A novel approach to model the role of mobility suppression and vaccinations in containing epidemics in a network of cities

Leen Alrawas, Abdessamad Tridane, Ghassane Benrhmach

Research output: Contribution to journalArticlepeer-review

Abstract

This paper presents a comprehensive agent-based model for the spread of an infection in a network of cities. Directional mobility is defined between each two cities and can take different values. The work examines the role that such mobility levels play in containing the infection with various vaccination coverage and age distributions. The results indicate that mobility reduction is sufficient to control the disease under all circumstances and full lockdowns are not a necessity. It has to be reduced to different ratios depending on the vaccination level and age distribution. A key finding is that increasing vaccination coverage above a certain level does not affect the mobility suppression level required to control the infection anymore for the cases of young population and heterogeneous age distributions. By investigating several migration and commuting patterns, it is found that shutting mobility in a few local places is favored against reducing mobility over the entire country network. In addition, commuting -and not migration-influences the spread level of the infection. The work offers an exclusive combined network-based and agent-based model that makes use of randomly generated mobility matrices.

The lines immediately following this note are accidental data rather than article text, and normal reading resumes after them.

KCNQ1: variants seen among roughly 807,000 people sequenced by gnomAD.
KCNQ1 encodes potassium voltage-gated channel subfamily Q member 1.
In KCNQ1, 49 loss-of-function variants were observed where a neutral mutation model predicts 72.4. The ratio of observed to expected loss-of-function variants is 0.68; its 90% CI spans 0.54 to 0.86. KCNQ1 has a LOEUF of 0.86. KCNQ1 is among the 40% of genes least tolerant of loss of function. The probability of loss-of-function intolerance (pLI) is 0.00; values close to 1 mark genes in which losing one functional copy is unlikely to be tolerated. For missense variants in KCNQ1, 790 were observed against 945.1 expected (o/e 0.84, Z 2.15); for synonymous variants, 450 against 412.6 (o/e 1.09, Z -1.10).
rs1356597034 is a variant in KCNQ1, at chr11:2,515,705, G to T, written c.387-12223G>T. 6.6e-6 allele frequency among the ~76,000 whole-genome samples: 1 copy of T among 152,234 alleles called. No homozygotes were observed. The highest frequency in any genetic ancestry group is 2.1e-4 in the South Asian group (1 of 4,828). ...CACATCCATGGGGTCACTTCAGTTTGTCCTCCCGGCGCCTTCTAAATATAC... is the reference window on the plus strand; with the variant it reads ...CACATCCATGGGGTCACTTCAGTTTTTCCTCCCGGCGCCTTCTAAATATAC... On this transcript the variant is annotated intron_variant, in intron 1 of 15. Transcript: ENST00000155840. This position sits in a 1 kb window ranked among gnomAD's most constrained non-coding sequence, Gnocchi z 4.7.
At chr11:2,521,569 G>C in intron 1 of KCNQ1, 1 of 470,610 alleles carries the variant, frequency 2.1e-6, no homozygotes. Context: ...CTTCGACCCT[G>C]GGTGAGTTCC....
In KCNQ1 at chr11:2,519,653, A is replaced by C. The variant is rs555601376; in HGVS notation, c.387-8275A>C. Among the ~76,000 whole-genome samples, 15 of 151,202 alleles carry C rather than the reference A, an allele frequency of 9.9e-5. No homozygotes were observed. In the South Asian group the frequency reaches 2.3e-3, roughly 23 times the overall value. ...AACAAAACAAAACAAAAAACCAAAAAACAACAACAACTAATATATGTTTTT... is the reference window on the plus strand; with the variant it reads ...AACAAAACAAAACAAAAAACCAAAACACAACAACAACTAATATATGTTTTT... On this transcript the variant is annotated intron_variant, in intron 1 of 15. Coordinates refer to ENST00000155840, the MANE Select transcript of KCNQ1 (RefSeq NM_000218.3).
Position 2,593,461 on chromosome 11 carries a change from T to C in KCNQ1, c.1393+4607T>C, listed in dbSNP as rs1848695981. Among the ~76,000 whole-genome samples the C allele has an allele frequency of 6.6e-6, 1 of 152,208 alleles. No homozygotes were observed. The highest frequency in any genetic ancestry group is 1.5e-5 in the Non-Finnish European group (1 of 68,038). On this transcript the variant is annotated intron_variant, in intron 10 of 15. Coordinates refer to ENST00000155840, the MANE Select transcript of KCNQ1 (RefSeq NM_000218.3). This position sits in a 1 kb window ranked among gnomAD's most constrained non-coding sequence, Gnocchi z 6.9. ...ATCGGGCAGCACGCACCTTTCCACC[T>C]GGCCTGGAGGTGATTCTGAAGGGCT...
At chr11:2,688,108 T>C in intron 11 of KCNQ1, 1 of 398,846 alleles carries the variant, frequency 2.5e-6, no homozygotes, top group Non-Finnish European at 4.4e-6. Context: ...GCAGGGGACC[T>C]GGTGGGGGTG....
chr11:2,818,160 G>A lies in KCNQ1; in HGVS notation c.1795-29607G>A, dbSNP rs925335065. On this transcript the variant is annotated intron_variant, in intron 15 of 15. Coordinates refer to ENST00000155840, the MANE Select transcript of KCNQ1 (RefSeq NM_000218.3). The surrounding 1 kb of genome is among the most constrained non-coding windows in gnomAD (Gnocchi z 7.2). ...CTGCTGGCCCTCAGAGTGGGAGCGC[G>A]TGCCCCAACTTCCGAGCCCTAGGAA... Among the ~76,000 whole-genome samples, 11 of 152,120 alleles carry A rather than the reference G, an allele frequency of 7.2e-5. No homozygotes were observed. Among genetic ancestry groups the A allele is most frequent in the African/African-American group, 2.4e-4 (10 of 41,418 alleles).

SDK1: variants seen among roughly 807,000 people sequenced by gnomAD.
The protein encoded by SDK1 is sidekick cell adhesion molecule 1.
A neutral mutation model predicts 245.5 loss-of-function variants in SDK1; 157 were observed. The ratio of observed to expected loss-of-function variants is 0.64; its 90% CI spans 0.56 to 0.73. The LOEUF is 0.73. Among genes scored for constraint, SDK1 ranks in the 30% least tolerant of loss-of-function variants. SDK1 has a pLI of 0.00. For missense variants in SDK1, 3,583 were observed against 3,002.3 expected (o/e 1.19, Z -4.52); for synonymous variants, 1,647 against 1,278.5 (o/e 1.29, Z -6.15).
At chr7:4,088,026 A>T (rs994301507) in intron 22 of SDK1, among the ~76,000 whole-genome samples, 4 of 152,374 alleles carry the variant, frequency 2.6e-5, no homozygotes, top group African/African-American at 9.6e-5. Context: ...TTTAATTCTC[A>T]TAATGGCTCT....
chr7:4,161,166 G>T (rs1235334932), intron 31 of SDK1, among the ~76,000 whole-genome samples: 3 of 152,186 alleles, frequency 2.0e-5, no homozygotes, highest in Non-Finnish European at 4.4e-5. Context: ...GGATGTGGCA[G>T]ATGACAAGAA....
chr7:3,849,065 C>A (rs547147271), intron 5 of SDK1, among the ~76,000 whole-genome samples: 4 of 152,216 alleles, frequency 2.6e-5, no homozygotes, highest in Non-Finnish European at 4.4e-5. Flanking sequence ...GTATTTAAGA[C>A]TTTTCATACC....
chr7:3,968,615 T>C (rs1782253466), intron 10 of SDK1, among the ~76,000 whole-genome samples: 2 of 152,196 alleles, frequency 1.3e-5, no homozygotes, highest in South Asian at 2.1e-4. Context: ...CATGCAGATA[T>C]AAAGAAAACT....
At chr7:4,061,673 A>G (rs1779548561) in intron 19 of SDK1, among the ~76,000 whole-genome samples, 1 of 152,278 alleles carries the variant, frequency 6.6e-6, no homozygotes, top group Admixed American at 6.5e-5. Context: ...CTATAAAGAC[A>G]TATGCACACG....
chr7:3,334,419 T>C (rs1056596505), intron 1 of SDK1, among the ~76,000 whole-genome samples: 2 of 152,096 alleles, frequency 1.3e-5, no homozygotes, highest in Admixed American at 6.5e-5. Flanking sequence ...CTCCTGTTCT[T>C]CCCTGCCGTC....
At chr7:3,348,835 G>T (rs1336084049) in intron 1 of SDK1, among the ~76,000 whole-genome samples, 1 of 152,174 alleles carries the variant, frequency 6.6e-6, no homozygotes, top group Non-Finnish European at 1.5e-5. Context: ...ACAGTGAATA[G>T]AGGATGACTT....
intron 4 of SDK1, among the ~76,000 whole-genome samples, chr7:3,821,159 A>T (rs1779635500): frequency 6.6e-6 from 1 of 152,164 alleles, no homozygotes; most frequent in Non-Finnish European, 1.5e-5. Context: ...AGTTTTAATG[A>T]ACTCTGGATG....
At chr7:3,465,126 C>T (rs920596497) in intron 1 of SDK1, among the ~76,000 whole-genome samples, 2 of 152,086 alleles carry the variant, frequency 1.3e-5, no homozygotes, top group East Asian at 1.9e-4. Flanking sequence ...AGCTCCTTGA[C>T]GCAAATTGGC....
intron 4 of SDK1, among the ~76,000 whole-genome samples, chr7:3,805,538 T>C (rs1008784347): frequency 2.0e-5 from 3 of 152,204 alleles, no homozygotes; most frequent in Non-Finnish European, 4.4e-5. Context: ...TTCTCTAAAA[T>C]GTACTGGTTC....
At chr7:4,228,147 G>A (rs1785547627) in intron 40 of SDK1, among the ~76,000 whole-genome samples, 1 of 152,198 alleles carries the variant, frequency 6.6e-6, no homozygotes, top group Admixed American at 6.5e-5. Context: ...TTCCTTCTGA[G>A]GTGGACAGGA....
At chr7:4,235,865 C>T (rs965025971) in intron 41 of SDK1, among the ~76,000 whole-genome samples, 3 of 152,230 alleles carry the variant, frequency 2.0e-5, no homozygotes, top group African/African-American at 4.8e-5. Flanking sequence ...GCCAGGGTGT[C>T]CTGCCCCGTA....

Original languageEnglish
Pages (from-to)397-410
Number of pages14
JournalInfectious Disease Modelling
Volume9
Issue number2
DOIs
Publication statusPublished - Jun 2024

Keywords

  • Agent-based modeling
  • Epidemics
  • Network

ASJC Scopus subject areas

  • Health Policy
  • Infectious Diseases
  • Applied Mathematics

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